I've always been a fan of political cartoons, a few years ago i started reading a few from the other side of the pond as a way of getting a different perspective on events being reported over here.
A couple of years ago i found the cartoons of Matt Bors, unlike a lot of the US political cartoonists he doesn't appear to be particularly partisan (though i think you can say he's definitely liberal) but just enjoys pointing out the sheer ridiculousness of the world political situation.
I like that.
But his cartoon today is a bit special. There's no joke to it.

I hope he doesn't mind me posting it here, because frankly, I admire the man, but i can't find an e-mail address anywhere on his website. I guess he gets a lot of shit from people for some of his cartoons.
Anyway, on this, he ain't shitting about.

Normal YAMDAC related blogs will follow shortly.

Sunday, 11 July 2010

I'm in the market for a new bike...

...because some thieving little shit stole mine last night. bastard.
So, any suggestions? What was taken was a heavily modded Giant NRS3 (the frame, chainset and stem are original, everything else has been upgraded), and i'd be looking for something similar (though i'm also thinking about a hard-tail).
I reckon i've got about £1500 budget.
What do you suggest?

Saturday, 10 July 2010

Talking crap

I've been accused of this many times, but this time i'm doing it deliberately...

Toilets are funny things, i have no idea if it's different in other cultures, but here in the west we're still a bit embarrassed about it all. As such it's an area of design that really hasn't progressed very much (I know Toto are doing interesting things in Japan though) so i will probably return to it on a number of occasions.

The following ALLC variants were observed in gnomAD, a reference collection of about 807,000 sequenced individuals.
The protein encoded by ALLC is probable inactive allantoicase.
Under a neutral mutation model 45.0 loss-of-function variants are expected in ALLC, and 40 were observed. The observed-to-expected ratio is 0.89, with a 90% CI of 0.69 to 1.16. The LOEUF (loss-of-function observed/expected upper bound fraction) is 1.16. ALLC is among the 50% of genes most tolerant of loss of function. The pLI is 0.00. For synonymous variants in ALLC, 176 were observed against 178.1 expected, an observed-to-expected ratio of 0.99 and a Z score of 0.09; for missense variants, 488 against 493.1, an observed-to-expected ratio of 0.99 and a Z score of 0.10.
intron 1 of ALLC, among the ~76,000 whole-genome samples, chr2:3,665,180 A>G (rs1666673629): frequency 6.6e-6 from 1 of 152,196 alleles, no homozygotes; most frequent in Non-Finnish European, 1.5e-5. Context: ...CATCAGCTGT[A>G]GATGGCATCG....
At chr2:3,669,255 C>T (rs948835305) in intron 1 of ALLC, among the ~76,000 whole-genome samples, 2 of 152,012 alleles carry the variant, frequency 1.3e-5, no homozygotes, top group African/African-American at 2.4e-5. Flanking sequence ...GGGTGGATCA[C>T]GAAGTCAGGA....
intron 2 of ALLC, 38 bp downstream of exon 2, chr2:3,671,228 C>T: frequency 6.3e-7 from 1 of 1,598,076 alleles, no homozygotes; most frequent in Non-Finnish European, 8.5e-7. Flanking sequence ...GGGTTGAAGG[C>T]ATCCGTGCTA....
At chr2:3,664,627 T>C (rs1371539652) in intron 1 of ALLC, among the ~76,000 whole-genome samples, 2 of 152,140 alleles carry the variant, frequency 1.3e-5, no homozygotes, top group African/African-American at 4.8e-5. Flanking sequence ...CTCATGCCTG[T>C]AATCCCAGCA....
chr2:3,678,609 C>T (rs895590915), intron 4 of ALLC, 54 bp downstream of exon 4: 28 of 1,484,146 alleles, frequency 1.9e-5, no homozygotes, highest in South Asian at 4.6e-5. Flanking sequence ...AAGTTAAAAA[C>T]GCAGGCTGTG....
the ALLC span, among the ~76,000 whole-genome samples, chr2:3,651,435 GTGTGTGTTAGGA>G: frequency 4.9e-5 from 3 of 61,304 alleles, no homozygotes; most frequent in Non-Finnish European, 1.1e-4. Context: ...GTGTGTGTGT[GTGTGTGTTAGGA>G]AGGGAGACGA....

There are few things in life more satisfying than taking a well-needed dump in the privacy of your own toilet. You know this is true.
Now compare this to the horror of those situations where you absolutely-cannot-possibly-avoid having to use a public toilet. Especially ones at any kind of transport interchange.
Slightly less unpleasant are the loos at work. There's probably a multi-point sliding scale that could be derived, but that's not the point of this post.

This post is about a change of architectural approach and the installation of some simple technology.

Let's talk architecture first; it's an area of design that likes to consider itself cutting edge, right up until you get to the toilets. They may have a swish new sink or a funky Dyson airblade but chances are, on the other side of the room, is the usual grim array of stalls.
I recently started working in a new office block, and there the architect has made a fantastic decision. Instead of one large room with a number of toilet stalls, half that number of sinks and only one hand-dryer (why do people always seem to think that that is an acceptable ratio?) the architect chose to put in 6 small, individual rooms off a short, central corridor. Proper rooms with proper doors and walls. They each have their own wash-basin and hand dryer as well.
The whole toilet experience is much more pleasant; perhaps this is why they appear to be better looked after by the staff as well?

"But wait!" You may be thinking, "surely that takes up much more floorspace? And surely small rooms retain the previous occupant's odour for a much longer time?"
Both of these are good questions, let's look at them one at a time.
Floor space. For the benefit of the regular office moves my company publishes floor plans of all our buildings. Using these i have been able to work out that, on a like-number-of-stalls basis, the individual room approach takes up only a fraction more space. It could easily be made to take up the same amount of space with just a small (read negligible) reduction in individual room space.
And what of the whiff? Well now, this is one area where it does appear to fall down. Despite each room having its own extraction duct it can be an unpleasant experience to step into a frequently occupied and heavily used room.
And that's where the simple technology comes in.

Toilet timers. I shit you not.*
Have display above each toilet door showing the time since the room was last vacated. Link the timer to the lock so that it reset when the door was unlocked and that way anyone entering the corridor can take a quick look around and see which room has the longest period of absence (and thus the highest chance of fresh air).